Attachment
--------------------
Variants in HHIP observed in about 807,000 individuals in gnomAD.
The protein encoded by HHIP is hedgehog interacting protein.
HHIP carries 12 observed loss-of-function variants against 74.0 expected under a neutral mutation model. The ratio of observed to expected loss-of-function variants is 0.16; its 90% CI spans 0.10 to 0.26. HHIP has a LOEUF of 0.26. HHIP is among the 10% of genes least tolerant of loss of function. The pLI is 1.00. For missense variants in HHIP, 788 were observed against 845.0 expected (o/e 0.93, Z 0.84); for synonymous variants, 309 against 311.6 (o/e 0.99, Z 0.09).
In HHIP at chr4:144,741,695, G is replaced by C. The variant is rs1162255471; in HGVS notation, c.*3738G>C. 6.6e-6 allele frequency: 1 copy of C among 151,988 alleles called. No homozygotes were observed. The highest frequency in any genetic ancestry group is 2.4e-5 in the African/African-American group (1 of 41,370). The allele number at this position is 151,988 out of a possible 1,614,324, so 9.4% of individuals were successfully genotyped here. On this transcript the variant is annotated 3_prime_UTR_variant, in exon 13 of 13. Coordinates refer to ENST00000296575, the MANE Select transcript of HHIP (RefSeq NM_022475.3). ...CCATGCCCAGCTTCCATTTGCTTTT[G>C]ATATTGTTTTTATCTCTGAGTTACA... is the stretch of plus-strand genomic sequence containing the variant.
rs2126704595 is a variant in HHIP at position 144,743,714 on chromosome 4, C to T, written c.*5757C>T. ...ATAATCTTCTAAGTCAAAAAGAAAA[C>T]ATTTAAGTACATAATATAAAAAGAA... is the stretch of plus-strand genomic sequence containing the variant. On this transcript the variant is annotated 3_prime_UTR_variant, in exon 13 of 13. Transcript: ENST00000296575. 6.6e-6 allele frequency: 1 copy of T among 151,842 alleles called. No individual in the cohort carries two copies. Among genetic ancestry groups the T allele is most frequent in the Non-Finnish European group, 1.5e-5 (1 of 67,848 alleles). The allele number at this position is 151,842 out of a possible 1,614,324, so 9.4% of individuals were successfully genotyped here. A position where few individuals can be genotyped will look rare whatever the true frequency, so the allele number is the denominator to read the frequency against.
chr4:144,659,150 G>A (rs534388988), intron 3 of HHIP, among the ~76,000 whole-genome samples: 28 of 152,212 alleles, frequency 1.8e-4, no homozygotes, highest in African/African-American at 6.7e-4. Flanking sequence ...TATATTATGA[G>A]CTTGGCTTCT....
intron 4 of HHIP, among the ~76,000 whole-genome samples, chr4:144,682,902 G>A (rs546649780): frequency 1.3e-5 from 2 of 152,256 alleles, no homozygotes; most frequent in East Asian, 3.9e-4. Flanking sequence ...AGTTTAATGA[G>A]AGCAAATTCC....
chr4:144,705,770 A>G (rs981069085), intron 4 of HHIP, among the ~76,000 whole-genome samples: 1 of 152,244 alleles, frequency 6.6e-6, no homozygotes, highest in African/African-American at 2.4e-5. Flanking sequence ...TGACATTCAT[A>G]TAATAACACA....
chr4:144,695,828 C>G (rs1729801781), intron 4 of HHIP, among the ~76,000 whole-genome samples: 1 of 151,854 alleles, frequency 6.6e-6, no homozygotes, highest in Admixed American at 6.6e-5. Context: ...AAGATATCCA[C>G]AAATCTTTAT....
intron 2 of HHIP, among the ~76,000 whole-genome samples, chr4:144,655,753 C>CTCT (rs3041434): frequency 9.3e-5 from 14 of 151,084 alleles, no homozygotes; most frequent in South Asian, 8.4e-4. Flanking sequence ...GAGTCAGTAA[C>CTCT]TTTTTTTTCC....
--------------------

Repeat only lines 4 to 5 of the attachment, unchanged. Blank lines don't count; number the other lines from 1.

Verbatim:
In HHIP at chr4:144,741,695, G is replaced by C. The variant is rs1162255471; in HGVS notation, c.*3738G>C. 6.6e-6 allele frequency: 1 copy of C among 151,988 alleles called. No homozygotes were observed. The highest frequency in any genetic ancestry group is 2.4e-5 in the African/African-American group (1 of 41,370). The allele number at this position is 151,988 out of a possible 1,614,324, so 9.4% of individuals were successfully genotyped here. On this transcript the variant is annotated 3_prime_UTR_variant, in exon 13 of 13. Coordinates refer to ENST00000296575, the MANE Select transcript of HHIP (RefSeq NM_022475.3). ...CCATGCCCAGCTTCCATTTGCTTTT[G>C]ATATTGTTTTTATCTCTGAGTTACA... is the stretch of plus-strand genomic sequence containing the variant.
rs2126704595 is a variant in HHIP at position 144,743,714 on chromosome 4, C to T, written c.*5757C>T. ...ATAATCTTCTAAGTCAAAAAGAAAA[C>T]ATTTAAGTACATAATATAAAAAGAA... is the stretch of plus-strand genomic sequence containing the variant. On this transcript the variant is annotated 3_prime_UTR_variant, in exon 13 of 13. Transcript: ENST00000296575. 6.6e-6 allele frequency: 1 copy of T among 151,842 alleles called. No individual in the cohort carries two copies. Among genetic ancestry groups the T allele is most frequent in the Non-Finnish European group, 1.5e-5 (1 of 67,848 alleles). The allele number at this position is 151,842 out of a possible 1,614,324, so 9.4% of individuals were successfully genotyped here. A position where few individuals can be genotyped will look rare whatever the true frequency, so the allele number is the denominator to read the frequency against.